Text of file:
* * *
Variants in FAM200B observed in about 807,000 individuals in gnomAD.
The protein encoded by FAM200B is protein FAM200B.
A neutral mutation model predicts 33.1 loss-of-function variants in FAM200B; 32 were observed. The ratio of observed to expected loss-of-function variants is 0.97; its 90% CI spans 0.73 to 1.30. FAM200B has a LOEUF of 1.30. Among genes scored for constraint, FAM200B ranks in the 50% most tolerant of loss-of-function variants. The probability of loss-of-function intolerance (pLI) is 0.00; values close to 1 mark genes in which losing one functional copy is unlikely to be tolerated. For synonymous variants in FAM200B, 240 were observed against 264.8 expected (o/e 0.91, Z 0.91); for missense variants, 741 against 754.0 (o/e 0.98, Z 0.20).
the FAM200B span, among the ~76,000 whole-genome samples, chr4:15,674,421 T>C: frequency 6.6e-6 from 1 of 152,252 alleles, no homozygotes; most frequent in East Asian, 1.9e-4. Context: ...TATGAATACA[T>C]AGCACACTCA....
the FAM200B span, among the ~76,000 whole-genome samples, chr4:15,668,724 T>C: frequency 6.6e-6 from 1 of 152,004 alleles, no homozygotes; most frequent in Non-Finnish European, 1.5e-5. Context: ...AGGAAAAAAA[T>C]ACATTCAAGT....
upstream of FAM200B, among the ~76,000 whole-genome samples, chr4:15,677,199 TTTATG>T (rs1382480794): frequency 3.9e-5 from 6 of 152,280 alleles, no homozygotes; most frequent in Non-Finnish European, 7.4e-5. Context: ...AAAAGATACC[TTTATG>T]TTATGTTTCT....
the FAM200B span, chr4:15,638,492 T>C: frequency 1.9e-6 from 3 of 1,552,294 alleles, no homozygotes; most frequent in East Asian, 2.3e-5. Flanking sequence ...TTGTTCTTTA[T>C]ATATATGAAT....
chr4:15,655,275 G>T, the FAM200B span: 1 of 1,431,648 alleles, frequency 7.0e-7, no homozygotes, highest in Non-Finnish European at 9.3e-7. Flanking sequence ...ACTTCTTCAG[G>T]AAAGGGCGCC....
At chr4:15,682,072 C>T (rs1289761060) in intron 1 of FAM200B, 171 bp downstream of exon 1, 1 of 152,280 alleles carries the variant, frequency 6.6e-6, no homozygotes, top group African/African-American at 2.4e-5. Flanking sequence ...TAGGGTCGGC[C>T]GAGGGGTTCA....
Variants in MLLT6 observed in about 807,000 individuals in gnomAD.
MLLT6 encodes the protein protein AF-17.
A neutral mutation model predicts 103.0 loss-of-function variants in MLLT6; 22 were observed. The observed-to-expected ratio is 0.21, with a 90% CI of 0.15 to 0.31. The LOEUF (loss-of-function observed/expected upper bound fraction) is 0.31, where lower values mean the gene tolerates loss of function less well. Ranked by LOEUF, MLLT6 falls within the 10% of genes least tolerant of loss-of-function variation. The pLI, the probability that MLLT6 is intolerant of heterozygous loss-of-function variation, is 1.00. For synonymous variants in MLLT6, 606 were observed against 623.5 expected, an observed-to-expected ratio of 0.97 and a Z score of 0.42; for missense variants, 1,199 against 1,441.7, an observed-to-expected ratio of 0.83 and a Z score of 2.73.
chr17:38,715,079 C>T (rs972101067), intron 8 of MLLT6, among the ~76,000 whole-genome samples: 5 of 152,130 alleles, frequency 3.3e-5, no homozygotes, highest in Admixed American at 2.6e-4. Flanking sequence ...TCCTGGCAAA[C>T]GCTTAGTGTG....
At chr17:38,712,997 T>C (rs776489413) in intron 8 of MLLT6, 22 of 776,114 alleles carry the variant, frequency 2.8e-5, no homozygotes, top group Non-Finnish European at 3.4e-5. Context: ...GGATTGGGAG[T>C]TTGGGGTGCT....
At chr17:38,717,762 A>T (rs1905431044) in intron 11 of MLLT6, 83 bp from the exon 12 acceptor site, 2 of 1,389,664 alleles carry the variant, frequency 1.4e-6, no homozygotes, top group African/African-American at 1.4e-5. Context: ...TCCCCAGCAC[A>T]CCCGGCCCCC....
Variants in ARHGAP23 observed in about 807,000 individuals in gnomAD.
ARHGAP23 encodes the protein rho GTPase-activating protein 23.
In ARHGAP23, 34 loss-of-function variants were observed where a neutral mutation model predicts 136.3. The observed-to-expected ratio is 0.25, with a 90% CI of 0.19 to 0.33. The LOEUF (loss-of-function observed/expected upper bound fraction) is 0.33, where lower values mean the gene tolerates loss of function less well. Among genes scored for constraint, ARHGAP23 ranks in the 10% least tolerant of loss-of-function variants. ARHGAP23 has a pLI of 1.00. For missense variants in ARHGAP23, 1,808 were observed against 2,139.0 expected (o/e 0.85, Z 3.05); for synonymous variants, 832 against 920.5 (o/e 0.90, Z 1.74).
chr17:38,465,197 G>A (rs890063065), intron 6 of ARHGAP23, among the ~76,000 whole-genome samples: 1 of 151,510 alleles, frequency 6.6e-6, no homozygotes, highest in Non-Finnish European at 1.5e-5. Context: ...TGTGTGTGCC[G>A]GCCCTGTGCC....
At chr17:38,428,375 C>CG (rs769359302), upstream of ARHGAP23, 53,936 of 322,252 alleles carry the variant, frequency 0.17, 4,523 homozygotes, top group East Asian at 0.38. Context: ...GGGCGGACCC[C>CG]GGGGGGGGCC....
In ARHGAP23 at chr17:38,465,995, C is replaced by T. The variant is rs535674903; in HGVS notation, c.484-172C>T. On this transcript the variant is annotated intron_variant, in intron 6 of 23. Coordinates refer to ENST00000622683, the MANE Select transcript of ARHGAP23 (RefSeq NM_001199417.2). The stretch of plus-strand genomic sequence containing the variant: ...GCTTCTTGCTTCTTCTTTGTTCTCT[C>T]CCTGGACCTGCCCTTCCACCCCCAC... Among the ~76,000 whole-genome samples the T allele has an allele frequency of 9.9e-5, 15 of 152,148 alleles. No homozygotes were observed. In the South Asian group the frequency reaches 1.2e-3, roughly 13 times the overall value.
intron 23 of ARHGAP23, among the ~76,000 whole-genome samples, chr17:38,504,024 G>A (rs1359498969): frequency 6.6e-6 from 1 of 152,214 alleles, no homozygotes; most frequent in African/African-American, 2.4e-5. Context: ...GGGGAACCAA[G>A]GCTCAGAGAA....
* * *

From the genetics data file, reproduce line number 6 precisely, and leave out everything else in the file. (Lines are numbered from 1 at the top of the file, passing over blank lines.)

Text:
upstream of FAM200B, among the ~76,000 whole-genome samples, chr4:15,677,199 TTTATG>T (rs1382480794): frequency 3.9e-5 from 6 of 152,280 alleles, no homozygotes; most frequent in Non-Finnish European, 7.4e-5. Context: ...AAAAGATACC[TTTATG>T]TTATGTTTCT....